One word – two meanings

The French idea of republicanism not only emphasizes secularism, freedom, equality and fraternity, but also makes the state the guarantor of citizens' individual rights. The bigger the state, the more protection for its citizens. The American idea of republicanism is exactly the reverse. The federal government protects the borders, but the less it intervenes in its citizens' lives, the better they preserve their rights. The difference between these two completely opposite visions of "republicanism" is the relationship of individuals to the central authority.

This difference has profound consequences on our ways of looking at politics, the common good, money, business, personal success, attitudes toward work and free time, social welfare, and foreign policy, among others. In fact, the two ways of looking at the world are so different that it seems almost inevitable that we French, on the whole, don’t get American Republicans. All you need to do to confirm this is try it in reverse. Immerse yourself for a moment in the perspective of American Republicans. As soon as you understand their major lines of thought and internal logic, there is necessarily something you will not understand very well: the French, of course.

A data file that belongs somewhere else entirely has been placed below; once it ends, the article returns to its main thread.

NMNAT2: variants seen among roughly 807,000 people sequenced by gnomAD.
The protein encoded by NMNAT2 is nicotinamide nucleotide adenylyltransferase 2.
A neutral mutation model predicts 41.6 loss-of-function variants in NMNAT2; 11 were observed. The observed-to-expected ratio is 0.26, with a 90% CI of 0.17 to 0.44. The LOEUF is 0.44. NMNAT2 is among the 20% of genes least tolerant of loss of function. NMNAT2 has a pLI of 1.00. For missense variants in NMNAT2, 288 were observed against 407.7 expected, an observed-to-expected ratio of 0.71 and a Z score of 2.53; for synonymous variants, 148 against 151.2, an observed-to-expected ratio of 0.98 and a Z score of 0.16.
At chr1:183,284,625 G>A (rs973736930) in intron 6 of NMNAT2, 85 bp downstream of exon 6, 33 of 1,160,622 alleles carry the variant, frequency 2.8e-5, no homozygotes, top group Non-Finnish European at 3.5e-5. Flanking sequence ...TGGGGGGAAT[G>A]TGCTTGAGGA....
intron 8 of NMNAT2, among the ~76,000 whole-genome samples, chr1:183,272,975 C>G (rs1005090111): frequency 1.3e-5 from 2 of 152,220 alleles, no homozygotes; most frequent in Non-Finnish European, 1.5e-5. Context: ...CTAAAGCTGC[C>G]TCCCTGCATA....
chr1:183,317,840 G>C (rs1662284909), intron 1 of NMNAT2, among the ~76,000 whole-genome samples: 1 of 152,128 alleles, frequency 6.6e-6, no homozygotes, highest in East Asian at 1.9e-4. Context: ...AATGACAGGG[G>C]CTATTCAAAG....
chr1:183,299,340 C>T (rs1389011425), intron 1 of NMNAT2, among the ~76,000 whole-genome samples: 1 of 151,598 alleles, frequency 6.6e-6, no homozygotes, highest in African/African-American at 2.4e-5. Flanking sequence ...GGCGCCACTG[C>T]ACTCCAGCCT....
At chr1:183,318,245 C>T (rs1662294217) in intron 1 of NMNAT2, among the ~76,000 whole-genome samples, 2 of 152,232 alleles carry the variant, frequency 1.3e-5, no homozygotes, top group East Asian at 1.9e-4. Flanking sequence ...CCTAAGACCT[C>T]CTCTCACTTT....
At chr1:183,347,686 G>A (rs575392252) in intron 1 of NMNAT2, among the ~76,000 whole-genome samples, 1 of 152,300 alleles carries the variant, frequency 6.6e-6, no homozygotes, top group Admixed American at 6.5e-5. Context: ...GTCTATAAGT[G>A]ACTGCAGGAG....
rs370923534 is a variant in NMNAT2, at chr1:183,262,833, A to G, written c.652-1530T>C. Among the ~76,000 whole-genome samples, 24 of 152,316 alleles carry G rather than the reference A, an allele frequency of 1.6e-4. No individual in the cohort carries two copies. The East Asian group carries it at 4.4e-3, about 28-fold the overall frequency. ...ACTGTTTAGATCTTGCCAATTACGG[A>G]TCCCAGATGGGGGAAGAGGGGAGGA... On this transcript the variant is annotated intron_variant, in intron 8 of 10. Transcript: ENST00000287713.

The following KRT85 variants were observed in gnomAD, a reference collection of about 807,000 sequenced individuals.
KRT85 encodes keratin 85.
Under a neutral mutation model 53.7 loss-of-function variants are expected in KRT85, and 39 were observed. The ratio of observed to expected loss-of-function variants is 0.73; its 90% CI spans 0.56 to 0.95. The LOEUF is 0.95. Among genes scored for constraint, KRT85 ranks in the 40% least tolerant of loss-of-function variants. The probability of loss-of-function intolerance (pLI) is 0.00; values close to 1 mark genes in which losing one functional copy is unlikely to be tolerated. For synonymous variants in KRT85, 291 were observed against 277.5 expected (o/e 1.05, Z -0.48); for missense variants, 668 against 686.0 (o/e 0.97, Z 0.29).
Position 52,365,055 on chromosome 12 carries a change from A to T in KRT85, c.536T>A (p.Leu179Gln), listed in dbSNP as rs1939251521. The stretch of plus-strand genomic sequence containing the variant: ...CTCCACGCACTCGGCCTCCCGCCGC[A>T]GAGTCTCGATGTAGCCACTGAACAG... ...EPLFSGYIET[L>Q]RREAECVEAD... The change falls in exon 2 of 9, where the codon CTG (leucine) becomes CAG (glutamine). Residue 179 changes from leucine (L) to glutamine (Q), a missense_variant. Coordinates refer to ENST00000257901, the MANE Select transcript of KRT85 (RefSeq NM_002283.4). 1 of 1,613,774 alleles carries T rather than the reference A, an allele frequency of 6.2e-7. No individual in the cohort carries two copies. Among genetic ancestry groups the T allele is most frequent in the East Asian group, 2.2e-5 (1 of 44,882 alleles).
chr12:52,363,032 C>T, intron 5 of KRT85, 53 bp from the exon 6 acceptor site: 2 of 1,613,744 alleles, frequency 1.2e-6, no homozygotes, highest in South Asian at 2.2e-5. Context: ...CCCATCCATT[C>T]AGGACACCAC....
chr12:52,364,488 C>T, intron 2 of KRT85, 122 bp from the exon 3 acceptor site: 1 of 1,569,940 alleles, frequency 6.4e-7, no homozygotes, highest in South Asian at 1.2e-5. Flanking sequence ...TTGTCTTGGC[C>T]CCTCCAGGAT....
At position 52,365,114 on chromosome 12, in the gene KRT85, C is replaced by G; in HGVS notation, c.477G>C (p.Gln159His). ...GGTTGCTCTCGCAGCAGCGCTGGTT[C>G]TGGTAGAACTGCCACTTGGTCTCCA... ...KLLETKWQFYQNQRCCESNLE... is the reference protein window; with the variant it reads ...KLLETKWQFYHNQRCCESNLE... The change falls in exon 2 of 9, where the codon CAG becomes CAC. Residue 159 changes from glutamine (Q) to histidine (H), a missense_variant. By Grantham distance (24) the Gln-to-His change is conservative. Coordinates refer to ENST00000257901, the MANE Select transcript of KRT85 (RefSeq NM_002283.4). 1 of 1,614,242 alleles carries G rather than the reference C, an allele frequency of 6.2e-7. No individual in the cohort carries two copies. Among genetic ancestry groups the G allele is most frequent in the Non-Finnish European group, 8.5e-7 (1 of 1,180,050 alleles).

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How Thailand's Lèse-Majesté Law Is Used To Stifle All Protest

Once meant to protect the royal family, the century-old law has become a tool for the military-led government in Bangkok to stamp out all dissent. A new report outlines the abuses.

Pro-Democracy protest at The Criminal Court in Bangkok, Thailand

Laura Valentina Cortés Sierra

"We need to reform the institution of the monarchy in Thailand. It is the root of the problem." Those words, from Thai student activist Juthatip Sirikan, are a clear expression of the growing youth-led movement that is challenging the legitimacy of the government and demanding deep political changes in the Southeast Asian nation. Yet those very same words could also send Sirikan to jail.

Thailand's Criminal Code 'Lèse-Majesté' Article 112 imposes jail terms for defaming, insulting, or threatening the monarchy, with sentences of three to 15 years. This law has been present in Thai politics since 1908, though applied sparingly, only when direct verbal or written attacks against members of the royal family.